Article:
The Other Queen [Paperback]
- HarperCollins Publishers
- Publication Date:
- 07 June 2008
- Historical Fiction
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I think this is one of Gregory's best books. I really like the format (moving from one to the other, of each of the three main character's, and showing their view of the same scenario.)
This novel covers the captive years of Mary, Queen of Scots, who trusted Queen Elizabeth's promise of sanctuary when she fled from rebels in Scotland and then found herself imprisoned as the "guest" of George Talbot, Earl of Shrewsbury, and his indomitable wife, Bess of Hardwick. The newly married couple welcomes the doomed queen into their home, certain that serving as her hosts and jailers will bring them an advantage in the cutthroat world of the Elizabethan court. To their horror, they find that the task will bankrupt them, and as their home becomes the epicenter of intrigue and rebellion against Elizabeth, their loyalty to each other and to their sovereign comes into question. If Mary succeeds in seducing the earl into her own web of treachery and treason, or if the great spymaster William Cecil links them to the growing conspiracy to free Mary from her illegal imprisonment, they will all face the headsman.The novel concludes with Bess effectively ‘divorcing’ the Earl and regaining all her land that she brought to the marriage as settlement. The Earl spends the next 16 (?) years living withQueen Mary as a prisoner. Always a gentleman, he never acts on his love for her, and is distraught when Queen Elizabeth eventually orders her beheading for treason and she is killed.Interestingly written. Each short chapter is written in the first person of different characters. The reader gets an insight into the thoughts of Bess, the Earl and Queen Mary.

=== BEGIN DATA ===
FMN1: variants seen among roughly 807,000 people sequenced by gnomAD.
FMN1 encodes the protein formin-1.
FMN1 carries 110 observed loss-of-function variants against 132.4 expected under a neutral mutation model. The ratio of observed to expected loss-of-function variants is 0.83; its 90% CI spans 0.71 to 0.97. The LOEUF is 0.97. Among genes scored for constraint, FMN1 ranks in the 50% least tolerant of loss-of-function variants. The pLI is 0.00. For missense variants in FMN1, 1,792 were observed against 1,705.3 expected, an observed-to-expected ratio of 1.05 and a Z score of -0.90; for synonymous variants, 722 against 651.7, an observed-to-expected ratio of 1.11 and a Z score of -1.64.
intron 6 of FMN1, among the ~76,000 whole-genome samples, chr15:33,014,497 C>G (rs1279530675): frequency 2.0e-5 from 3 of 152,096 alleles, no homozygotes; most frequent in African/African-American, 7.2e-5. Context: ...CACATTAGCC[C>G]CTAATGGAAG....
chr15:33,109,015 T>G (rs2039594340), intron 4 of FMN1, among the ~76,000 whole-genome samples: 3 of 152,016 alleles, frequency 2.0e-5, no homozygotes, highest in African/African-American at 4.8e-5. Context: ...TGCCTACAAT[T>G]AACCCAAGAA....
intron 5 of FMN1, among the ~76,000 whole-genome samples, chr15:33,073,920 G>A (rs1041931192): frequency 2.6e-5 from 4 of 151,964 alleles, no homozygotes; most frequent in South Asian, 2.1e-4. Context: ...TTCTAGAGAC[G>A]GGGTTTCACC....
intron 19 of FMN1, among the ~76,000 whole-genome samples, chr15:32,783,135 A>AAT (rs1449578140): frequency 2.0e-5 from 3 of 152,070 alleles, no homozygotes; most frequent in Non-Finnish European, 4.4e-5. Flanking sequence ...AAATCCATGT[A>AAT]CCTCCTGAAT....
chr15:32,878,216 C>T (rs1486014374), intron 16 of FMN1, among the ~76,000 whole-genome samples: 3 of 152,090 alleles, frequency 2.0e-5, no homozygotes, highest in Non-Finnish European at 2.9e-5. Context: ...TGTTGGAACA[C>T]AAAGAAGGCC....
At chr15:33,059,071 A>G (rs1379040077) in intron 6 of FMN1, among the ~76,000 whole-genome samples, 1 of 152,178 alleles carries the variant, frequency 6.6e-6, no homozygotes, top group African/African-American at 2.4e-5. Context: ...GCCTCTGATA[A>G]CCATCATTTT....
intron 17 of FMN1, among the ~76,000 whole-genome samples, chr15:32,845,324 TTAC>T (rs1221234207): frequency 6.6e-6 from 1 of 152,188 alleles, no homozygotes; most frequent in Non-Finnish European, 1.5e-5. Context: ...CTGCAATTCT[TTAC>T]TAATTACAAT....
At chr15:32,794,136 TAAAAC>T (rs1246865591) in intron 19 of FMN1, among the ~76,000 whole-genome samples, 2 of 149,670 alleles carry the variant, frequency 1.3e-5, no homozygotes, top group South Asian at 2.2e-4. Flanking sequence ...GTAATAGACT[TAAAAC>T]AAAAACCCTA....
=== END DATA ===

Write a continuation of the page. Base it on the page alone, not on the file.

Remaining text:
The heartfelt drama of this story kept me longing to take long car rides so I could continue to listen to it. It follows the Earl of Shrewsbury, his wife Bess of Hardwick, and Queen Mary of Scots and they are thrown together in an impossibly hard situation. Mary is of course a "guest" in England, there by the good graces of her cousin Elizabeth--who could of course always choose to behead her instead. The Earl and his wife Bess are "asked" to host Mary--a task that ends us bankrupting them and destroying their marriage. For the Earl can't help but be captivated by Mary, and Bess can't help but be devastated by this and by the fact that the fortune she brought into the marriage is quickly drained away by the exorbitant expense of keeping a Queen. Each takes turns telling their story--which in the audio version I listened to is expertly narrated--and the author does an excellent job of making this historical characters real people with hopes, dreams, and emotions that capture the heart. I heartily enjoyed it and it made me want to explore the "real story" further--always a plus with historical fiction. Historical fiction fans will love it of course, but also anyone who enjoys getting into the minds of the characters and stories with lots of human drama.
Gregory's books following "The Other Boleyn" never quite measure up to that first one; however, "The Other Queen" is a fantastic read, told from three very different points of view. As with all of her books, the depth of Gregory's research, even if it is used for her own purposes, compels me to read up on the Tudors. This time, I am most interested to read about Mary, Queen of Scots.
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